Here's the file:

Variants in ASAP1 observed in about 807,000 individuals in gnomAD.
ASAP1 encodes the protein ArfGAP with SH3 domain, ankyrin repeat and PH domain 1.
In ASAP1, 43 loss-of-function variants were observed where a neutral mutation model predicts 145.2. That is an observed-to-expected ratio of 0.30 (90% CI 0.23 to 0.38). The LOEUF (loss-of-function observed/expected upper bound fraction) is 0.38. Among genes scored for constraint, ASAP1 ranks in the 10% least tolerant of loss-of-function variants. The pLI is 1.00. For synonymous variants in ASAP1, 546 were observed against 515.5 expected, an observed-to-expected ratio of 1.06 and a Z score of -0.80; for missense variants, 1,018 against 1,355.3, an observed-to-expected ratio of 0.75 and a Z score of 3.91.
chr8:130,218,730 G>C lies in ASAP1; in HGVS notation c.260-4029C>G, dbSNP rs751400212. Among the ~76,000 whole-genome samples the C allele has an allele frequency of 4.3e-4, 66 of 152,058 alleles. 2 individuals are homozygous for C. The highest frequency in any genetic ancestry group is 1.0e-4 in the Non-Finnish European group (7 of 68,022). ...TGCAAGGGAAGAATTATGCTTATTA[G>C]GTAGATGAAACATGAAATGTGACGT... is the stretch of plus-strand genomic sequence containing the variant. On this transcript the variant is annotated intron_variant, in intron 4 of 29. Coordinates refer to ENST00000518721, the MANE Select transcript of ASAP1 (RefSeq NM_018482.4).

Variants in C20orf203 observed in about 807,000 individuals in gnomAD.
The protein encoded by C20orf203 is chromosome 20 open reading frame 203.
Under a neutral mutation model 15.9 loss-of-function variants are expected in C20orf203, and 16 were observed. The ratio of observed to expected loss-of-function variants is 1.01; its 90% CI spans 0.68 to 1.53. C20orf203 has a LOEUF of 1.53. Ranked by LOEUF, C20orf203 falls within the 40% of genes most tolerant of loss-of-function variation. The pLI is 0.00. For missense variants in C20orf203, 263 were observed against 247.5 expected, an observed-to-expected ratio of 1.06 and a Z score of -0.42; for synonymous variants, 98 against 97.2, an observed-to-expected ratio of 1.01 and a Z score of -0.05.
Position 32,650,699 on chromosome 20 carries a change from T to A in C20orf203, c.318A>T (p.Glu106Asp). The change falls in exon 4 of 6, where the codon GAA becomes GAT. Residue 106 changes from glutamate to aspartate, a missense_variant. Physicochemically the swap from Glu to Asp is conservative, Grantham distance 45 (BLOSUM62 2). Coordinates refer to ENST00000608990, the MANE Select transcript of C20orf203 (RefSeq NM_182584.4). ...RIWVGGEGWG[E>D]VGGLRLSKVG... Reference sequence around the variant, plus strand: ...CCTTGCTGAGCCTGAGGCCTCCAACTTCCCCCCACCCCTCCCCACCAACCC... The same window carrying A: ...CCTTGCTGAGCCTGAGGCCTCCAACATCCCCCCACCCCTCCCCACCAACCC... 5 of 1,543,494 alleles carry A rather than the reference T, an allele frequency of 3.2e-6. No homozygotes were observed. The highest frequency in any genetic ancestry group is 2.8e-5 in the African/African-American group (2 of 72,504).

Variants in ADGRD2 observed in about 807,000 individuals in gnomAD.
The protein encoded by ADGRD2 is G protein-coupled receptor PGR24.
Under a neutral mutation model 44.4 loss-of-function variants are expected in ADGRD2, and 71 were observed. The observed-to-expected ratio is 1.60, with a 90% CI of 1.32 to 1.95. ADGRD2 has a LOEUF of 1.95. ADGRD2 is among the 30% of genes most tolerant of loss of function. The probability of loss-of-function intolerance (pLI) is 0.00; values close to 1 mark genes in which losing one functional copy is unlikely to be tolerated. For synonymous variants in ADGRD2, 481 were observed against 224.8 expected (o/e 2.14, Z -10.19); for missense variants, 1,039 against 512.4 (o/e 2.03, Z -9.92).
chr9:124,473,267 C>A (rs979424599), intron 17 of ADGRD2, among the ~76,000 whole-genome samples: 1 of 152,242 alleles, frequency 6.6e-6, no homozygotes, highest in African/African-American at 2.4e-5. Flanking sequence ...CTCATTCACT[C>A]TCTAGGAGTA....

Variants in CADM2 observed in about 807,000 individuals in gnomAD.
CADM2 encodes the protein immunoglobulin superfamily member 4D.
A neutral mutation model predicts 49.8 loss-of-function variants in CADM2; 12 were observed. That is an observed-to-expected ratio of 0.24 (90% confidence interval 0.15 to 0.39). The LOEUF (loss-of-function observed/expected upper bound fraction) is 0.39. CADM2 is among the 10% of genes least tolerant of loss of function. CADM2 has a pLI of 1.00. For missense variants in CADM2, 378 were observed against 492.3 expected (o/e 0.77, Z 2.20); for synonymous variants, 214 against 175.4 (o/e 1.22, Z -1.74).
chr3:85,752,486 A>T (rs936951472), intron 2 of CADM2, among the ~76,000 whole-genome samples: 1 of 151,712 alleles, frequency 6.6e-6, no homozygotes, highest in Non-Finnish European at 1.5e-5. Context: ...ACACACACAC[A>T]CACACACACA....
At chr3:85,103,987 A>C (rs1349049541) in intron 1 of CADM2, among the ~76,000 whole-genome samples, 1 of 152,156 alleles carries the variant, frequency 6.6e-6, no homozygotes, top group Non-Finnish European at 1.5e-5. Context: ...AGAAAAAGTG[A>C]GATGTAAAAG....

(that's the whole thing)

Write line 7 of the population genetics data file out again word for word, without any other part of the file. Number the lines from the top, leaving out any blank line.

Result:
Under a neutral mutation model 15.9 loss-of-function variants are expected in C20orf203, and 16 were observed. The ratio of observed to expected loss-of-function variants is 1.01; its 90% CI spans 0.68 to 1.53. C20orf203 has a LOEUF of 1.53. Ranked by LOEUF, C20orf203 falls within the 40% of genes most tolerant of loss-of-function variation. The pLI is 0.00. For missense variants in C20orf203, 263 were observed against 247.5 expected, an observed-to-expected ratio of 1.06 and a Z score of -0.42; for synonymous variants, 98 against 97.2, an observed-to-expected ratio of 1.01 and a Z score of -0.05.